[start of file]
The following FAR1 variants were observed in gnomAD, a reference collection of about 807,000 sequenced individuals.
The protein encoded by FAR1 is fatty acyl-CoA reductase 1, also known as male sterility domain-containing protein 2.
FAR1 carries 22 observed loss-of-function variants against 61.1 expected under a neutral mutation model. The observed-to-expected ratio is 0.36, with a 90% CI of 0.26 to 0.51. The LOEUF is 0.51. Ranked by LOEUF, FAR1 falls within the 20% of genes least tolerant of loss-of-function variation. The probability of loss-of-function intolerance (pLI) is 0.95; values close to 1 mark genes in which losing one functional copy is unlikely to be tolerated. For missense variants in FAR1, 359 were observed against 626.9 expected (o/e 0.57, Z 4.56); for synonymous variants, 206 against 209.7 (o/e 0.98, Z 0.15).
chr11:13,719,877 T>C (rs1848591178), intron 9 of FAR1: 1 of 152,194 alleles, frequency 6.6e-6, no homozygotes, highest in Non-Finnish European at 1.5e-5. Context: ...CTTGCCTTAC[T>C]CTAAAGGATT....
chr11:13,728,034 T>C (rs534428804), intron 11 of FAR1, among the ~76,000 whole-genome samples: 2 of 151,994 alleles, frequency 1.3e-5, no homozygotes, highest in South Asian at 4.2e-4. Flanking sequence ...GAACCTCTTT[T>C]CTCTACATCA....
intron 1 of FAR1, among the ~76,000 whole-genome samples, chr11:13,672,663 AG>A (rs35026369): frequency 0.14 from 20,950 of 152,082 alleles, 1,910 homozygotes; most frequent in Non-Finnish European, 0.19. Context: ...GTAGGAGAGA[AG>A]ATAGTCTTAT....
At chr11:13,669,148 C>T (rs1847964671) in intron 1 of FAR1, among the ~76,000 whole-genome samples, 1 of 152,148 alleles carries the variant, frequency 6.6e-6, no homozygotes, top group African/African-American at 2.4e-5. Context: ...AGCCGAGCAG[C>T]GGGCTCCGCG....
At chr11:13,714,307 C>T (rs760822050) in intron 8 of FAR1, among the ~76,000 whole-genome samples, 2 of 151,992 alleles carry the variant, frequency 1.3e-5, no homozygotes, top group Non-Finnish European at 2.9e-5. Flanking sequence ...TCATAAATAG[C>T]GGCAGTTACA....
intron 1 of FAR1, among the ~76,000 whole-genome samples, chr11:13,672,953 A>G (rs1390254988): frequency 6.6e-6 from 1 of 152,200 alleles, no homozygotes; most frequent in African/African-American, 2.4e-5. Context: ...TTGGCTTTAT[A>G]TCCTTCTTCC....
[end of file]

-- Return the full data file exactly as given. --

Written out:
The following FAR1 variants were observed in gnomAD, a reference collection of about 807,000 sequenced individuals.
The protein encoded by FAR1 is fatty acyl-CoA reductase 1, also known as male sterility domain-containing protein 2.
FAR1 carries 22 observed loss-of-function variants against 61.1 expected under a neutral mutation model. The observed-to-expected ratio is 0.36, with a 90% CI of 0.26 to 0.51. The LOEUF is 0.51. Ranked by LOEUF, FAR1 falls within the 20% of genes least tolerant of loss-of-function variation. The probability of loss-of-function intolerance (pLI) is 0.95; values close to 1 mark genes in which losing one functional copy is unlikely to be tolerated. For missense variants in FAR1, 359 were observed against 626.9 expected (o/e 0.57, Z 4.56); for synonymous variants, 206 against 209.7 (o/e 0.98, Z 0.15).
chr11:13,719,877 T>C (rs1848591178), intron 9 of FAR1: 1 of 152,194 alleles, frequency 6.6e-6, no homozygotes, highest in Non-Finnish European at 1.5e-5. Context: ...CTTGCCTTAC[T>C]CTAAAGGATT....
chr11:13,728,034 T>C (rs534428804), intron 11 of FAR1, among the ~76,000 whole-genome samples: 2 of 151,994 alleles, frequency 1.3e-5, no homozygotes, highest in South Asian at 4.2e-4. Flanking sequence ...GAACCTCTTT[T>C]CTCTACATCA....
intron 1 of FAR1, among the ~76,000 whole-genome samples, chr11:13,672,663 AG>A (rs35026369): frequency 0.14 from 20,950 of 152,082 alleles, 1,910 homozygotes; most frequent in Non-Finnish European, 0.19. Context: ...GTAGGAGAGA[AG>A]ATAGTCTTAT....
At chr11:13,669,148 C>T (rs1847964671) in intron 1 of FAR1, among the ~76,000 whole-genome samples, 1 of 152,148 alleles carries the variant, frequency 6.6e-6, no homozygotes, top group African/African-American at 2.4e-5. Context: ...AGCCGAGCAG[C>T]GGGCTCCGCG....
At chr11:13,714,307 C>T (rs760822050) in intron 8 of FAR1, among the ~76,000 whole-genome samples, 2 of 151,992 alleles carry the variant, frequency 1.3e-5, no homozygotes, top group Non-Finnish European at 2.9e-5. Flanking sequence ...TCATAAATAG[C>T]GGCAGTTACA....
intron 1 of FAR1, among the ~76,000 whole-genome samples, chr11:13,672,953 A>G (rs1390254988): frequency 6.6e-6 from 1 of 152,200 alleles, no homozygotes; most frequent in African/African-American, 2.4e-5. Context: ...TTGGCTTTAT[A>G]TCCTTCTTCC....